The land of legends, Ranthambore National Park (established in 1980), boasts the presence of a large number of Royal Bengal Tigers. This is where you get to see the majestic tiger, with its black vertical stripes and muscular body in action. At one point in time, what is known as Ranthambore today served as the private hunting ground for the kings of Jaipur.
In Ranthambore, almost every tiger has a special reputation and legend that precedes their lineages. Interestingly, every tiger-lover thronging to Ranthambore National Park has a happy tiger story to take home.
Machali, aka T-16, will always be remembered as perhaps the most famous tigress in Ranthambore, who loved to pose for the tourists and observers. Her soaring popularity among tourists & wildlife enthusiasts saw her featured in a movie, “The World’s Most Famous Tiger”, which even won a National Award. She even found a mention in the book, “Three Ways to Disappear”, by Katy Yocom. Unfortunately, Tigress Machali, the most photographed tigress in the world, died on 18th August, 2016. She was 20 years old.
Sundari, also known as T-17, the daughter of Machali, was another famous tigress of Ranthambore National Park. However, she passed away in October 2006. Her daughter, the Tigress T-73, gave birth to 3 cubs in 2019. Born in 2012, she is known for her shy nature & is mostly spotted in an area of the park known as Kachida Valley.
Similarly, the tourists are equally attracted to the yearning lover called Romeo (T-6), who tries hard to catch the attention of her younger companion, Laila, (T-41) who in turn, attracts her regular mates and flirts with others; that really sounds interesting.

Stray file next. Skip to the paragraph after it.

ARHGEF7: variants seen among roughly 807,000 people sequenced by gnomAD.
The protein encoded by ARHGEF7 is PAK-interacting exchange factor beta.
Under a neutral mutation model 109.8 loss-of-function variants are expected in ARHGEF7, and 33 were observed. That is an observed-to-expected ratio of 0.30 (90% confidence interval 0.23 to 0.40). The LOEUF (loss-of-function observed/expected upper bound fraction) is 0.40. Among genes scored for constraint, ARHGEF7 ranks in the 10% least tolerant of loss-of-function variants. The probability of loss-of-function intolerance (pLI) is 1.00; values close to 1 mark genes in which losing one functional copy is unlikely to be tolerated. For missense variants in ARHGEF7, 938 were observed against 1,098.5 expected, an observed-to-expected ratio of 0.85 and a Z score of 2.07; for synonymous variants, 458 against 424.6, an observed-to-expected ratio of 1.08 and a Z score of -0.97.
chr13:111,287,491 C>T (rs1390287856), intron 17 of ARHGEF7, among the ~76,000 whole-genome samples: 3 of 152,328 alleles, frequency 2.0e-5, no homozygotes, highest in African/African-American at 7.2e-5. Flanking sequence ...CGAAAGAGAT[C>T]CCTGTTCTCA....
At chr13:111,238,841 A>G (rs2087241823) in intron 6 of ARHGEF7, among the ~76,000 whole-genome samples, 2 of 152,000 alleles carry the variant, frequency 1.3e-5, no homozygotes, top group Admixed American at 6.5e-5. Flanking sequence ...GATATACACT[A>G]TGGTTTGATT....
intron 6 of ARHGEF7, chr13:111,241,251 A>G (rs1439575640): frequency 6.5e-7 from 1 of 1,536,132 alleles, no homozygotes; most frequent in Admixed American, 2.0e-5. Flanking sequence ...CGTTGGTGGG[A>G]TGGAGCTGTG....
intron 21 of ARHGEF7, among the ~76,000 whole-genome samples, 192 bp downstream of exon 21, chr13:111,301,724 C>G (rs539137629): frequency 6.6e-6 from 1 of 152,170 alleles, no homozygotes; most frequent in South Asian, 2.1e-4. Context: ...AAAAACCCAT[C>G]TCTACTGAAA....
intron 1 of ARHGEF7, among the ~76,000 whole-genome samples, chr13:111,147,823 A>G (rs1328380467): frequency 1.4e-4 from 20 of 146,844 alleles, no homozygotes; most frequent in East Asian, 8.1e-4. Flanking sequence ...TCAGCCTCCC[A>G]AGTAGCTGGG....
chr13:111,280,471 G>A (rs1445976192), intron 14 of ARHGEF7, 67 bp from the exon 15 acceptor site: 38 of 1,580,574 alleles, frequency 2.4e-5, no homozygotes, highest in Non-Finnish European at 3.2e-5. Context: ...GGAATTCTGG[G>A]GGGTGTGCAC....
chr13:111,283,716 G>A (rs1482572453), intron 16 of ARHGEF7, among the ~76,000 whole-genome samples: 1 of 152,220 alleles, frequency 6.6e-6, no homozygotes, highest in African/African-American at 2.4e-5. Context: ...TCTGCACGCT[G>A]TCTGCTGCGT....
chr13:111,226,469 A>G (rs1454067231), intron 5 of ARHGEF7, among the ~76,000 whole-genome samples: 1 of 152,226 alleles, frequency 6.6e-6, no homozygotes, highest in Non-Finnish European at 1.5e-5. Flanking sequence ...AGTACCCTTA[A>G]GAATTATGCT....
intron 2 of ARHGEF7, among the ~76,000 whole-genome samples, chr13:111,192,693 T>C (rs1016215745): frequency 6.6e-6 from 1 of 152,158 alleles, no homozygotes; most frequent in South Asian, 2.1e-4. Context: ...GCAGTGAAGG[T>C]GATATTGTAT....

Laila, the tigress known as T-41, charms tourists with her dalliance with T-6, famously known as Romeo. Laila can mostly be spotted in Zones 4 & 5, and is identified by the diamond symbol in her body.
The names of the Royal Bengal Tigers in Ranthambore are as interesting and diverse as their stories. One of them, T-25, known as Dollar, was named so because of a dollar like symbol on his stomach. He was also called Zalim (cruel) because he wasn’t particularly fond of humans and was known to chase vehicles carrying tourists. Despite his nickname and stories about his terror, he surprised everybody by rearing 2 orphaned tiger cubs. He died in January 2020, reportedly because of territorial fighting, according to wildlife officials.
Some of the other famous tigers of Ranthambore National Park are T-24 (Ustad), T-39 (Mala), T-41 (Junglee), Bina One, Bina Two & T-28 (Sitara).
There are many more such stories and life histories of the Royal Bengal Tigers which will fascinate, delight and leave you surprised in equal measure.